Written by American BDD expert Fugen Neziroglu, Overcoming Body Dysmorphic Disorder offers BDD individuals a practical guide to the mindfulness, acceptance, and exposure and response prevention strategies that can help them overcome the disorder. This comprehensive guide offers self-assessment tools and a complete cognitive behavioural therapy (CBT) program for reducing the effect of BDD on sufferers’ lives. Its step-by-step guidance and easy-to-follow exercises are sure to help readers with BDD move beyond their anxieties and start living with greater freedom and confidence.
Sabine Wilhelm New Harbringer (2006)
The emphasis of this book is on self-assessment and explanation of appearance concerns, their possible development, and understanding what maintains them. Basic CBT principles are described and examples are given for challenging existing thinking, beliefs and associated behaviours, making this book a good choice for those with milder body image concerns who are motivated to alleviate their preoccupation and distress. The content is from an American perspective.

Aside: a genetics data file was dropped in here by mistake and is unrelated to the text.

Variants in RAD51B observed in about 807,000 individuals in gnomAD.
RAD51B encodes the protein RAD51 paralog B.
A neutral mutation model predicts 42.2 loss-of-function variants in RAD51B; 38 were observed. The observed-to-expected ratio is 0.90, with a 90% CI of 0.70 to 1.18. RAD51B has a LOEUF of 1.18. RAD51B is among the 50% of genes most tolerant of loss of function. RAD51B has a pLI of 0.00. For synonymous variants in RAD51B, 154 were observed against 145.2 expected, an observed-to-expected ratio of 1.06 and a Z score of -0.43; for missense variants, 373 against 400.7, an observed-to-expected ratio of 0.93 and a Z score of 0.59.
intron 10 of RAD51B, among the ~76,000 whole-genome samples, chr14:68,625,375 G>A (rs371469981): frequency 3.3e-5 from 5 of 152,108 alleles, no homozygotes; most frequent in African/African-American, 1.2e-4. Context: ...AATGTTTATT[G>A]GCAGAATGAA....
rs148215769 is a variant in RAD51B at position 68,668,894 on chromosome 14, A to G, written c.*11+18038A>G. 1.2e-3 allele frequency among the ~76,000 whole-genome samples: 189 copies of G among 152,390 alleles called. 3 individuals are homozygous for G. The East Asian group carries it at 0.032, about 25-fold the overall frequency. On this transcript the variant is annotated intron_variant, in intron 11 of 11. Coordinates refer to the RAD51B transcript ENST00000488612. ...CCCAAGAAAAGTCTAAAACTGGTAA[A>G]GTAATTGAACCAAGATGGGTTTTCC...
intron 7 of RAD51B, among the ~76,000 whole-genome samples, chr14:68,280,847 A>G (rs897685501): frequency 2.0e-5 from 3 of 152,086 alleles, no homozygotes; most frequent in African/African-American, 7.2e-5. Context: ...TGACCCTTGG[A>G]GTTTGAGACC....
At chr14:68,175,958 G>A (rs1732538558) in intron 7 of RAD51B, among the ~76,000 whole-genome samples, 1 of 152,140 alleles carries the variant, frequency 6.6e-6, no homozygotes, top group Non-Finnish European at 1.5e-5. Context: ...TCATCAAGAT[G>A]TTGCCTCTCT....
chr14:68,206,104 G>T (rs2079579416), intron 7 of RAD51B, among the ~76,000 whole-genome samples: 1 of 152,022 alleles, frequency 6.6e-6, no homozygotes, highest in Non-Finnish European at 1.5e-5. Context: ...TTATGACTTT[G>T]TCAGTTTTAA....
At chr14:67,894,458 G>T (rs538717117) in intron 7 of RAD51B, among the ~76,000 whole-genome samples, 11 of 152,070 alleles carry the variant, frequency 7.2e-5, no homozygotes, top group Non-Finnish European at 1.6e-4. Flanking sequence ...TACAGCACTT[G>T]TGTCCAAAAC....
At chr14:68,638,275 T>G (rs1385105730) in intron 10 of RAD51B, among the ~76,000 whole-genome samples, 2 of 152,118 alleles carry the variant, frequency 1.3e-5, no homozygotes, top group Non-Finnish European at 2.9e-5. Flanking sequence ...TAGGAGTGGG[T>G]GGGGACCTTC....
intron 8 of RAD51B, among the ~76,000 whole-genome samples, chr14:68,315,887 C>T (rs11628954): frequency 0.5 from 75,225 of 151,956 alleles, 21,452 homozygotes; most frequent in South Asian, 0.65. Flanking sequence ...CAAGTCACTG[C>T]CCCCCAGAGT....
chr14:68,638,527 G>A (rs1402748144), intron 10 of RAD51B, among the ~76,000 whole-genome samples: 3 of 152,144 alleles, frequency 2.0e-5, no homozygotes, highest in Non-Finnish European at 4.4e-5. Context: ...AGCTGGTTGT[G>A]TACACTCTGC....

James Claiborn & Cherry Pedrick
This book introduces itself as resource for clinicians treating BDD as well as a self-directed intervention for those with less severe body image problems. It promotes recovery by emphasizing the importance of balance in our perceptions and responses to body image. It is divided into two halves; the first is psychoeducational and succinctly builds an understanding of BDD in its cultural, media and peer context; the second is a step-by-step series of concise explanations complemented by clinical examples and practical guidance on how to change your body image, thinking and associated behaviours and habits to be more balanced. Unlike some of the other books discussed here, readiness for and the process of change are addressed thoughtfully and thoroughly, and individual chapters are given to self-esteem and social isolation. This is a neat and straightforward workbook for individuals with body image concerns and BDD. The approach is from an American perspective of BDD.
Tom Cash New Harbringer